The new Classic Kyote from Ritchey is a $45 mustache bar, designed for your grocery getter or your touring bike. These bars feature a 27.5-degree sweep and 35mm rise, with a 800mm width, there’s lots of space for your accutrement. See more at Ritchey.
Remember those bars from the ENVE Builder Round-Up earlier this summer? Well, today ENVE announced they’ve finally stocked these aero road bars, dubbed the SES AR Handlebars. These bars utilize a compound drop and internal routing to keep the lines of your bike clean.
-Application: Road Race, All-Road, Gravel, Cyclocross
-Sizes: 38cm, 40cm, 42cm, 44cm, 46cm
-Weights: 243g, 245g, 248g, 262g, 280g
-Full Integrated Internal or External Routing
-Lifetime Incident Protection and 5 Year Factory Warranty
See more at ENVE.
Riding with flat bars doesn’t mean you can’t get aero. The latest from Ride Farr are these alloy aero bolt-ons that create a lightweight, ergonomic addition to your cockpit. These bolt-on aero bars provide added hand positions and comfort while offering an aero-tuck position for when you just have to go fast.
-Ergonomic bend and shape
-Easy to fit in under 2 minutes
-Lightweight Alloy construction
-Suitable for most 31.8mm diameter handlebars
-Gravel / Racing / Touring / Bikepacking / MTB and more
-Weight : 133 grams ( including hardware )
In stock at Ride Farr.
The bicycle industry has many layers within the realm of the maker. There are framebuilders, wheel, and component manufacturers, and yes, bar makers. When I moved to New Mexico, I was eager to get to know some of the local metal alchemists. Then the pandemic really hit, so I began to scroll around Instagram, looking for signs of steel and brass. That’s when I found Doom Bars, a small, solo operation based in Albuquerque.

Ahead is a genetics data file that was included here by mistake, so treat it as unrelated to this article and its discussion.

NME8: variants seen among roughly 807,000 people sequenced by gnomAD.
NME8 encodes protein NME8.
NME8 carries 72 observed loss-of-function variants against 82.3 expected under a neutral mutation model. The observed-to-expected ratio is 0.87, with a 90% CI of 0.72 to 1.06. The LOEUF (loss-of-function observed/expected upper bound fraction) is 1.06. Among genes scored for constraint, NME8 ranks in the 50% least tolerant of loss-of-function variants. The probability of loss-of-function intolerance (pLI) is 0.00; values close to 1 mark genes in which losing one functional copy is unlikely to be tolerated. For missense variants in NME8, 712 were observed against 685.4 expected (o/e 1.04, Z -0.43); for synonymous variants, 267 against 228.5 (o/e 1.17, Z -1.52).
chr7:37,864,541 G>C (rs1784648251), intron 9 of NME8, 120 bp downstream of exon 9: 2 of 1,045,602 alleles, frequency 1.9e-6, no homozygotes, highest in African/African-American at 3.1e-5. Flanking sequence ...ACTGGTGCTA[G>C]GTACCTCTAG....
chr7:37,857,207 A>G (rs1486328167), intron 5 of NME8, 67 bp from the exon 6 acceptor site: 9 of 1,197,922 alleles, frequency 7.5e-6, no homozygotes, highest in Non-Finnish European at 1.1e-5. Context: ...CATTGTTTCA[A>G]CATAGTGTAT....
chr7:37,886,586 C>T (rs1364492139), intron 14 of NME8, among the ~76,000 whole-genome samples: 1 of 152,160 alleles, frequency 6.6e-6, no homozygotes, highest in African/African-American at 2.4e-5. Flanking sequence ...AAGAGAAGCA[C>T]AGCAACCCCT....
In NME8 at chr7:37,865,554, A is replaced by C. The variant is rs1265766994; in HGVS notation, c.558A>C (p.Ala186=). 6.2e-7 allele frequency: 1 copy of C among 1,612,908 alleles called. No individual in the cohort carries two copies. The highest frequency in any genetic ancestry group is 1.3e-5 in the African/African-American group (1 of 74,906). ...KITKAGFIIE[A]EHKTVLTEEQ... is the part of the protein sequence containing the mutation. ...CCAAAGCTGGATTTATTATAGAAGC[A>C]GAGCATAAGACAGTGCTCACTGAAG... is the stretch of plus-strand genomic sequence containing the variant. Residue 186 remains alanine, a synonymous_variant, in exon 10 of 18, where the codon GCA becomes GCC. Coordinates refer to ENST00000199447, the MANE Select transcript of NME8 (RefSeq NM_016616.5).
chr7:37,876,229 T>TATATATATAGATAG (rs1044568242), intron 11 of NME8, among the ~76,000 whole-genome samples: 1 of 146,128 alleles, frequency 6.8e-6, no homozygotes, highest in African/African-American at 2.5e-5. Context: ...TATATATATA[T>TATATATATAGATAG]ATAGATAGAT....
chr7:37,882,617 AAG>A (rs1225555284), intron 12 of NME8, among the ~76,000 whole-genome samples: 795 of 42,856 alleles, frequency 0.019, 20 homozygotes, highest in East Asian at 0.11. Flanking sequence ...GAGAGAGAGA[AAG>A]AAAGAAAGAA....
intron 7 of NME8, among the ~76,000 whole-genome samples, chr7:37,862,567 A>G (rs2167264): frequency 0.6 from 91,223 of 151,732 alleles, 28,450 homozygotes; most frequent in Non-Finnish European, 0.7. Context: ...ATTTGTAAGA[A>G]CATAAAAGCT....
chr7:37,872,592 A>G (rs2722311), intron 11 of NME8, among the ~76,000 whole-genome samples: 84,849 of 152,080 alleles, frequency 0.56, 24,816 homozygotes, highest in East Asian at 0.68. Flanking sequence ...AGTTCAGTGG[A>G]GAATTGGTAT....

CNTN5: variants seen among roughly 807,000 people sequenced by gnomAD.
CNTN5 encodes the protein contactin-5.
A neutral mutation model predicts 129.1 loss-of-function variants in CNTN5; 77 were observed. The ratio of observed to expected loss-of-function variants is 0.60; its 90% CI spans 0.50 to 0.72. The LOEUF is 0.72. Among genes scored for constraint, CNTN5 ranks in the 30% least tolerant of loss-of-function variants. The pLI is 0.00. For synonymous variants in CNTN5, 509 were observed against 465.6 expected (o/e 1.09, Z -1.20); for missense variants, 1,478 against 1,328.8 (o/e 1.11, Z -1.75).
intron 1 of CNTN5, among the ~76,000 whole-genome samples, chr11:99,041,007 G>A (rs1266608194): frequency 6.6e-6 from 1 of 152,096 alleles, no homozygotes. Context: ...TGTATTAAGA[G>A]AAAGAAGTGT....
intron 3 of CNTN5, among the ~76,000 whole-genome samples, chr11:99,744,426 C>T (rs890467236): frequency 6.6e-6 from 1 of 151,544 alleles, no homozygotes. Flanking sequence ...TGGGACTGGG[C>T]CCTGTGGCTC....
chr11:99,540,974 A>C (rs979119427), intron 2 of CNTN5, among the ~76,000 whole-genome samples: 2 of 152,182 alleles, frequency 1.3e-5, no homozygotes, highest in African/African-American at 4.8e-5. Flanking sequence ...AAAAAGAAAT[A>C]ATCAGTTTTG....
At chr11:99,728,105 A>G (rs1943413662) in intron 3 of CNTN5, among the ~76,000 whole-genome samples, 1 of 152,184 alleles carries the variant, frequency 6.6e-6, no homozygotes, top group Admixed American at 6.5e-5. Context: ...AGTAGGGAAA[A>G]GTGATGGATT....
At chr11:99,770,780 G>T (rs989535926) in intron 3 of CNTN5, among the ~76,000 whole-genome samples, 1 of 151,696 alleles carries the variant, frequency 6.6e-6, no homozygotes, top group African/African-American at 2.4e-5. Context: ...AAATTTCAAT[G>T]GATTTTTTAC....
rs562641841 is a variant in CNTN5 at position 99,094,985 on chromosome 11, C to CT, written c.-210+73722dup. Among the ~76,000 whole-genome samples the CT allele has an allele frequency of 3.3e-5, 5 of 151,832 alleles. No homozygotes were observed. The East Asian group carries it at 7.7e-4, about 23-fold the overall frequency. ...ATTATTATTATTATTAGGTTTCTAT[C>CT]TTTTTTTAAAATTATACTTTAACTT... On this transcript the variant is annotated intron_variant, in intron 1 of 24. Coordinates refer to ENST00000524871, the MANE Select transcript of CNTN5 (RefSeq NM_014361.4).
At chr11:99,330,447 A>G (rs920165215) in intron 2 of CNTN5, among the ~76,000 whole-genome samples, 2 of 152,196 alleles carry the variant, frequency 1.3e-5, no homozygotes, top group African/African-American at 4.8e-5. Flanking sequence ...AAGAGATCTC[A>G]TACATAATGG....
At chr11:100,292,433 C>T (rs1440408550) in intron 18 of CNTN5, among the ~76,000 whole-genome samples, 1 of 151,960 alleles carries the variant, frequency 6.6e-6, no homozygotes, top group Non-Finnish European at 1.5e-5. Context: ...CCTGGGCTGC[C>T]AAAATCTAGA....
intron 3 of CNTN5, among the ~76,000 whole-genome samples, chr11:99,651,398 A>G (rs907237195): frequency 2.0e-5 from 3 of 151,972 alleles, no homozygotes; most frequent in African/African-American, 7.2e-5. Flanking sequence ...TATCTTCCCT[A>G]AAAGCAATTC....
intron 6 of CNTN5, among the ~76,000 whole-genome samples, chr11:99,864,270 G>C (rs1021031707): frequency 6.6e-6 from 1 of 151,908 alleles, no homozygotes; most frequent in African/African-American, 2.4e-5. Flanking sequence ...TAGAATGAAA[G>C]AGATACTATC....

When I saw the bars they were listing for sale on their account, I sprung on a pair of nickel-plated bars, which I just installed on my Retrotec. Let’s take a closer look…
Just as mountain bikes experienced a widening of their bars from the 1990’s 580mm widths to the 2020’s 820mm widths, gravel bikes are too in the midst of a widening trend. Think about it, why should you have to ride the same width bars on your rim brake road bike and your gravel bike. Both bikes operate under different conditions. While many are hesitant and there is a lot to consider with this conversation, a lot of people have caught onto this ergonomic trend. Ride Farr recently worked with Nitto to make a new drop bar, the SUPA-WIDE GRVL in three sizes. These bars will be in their stock in May, so stay tuned.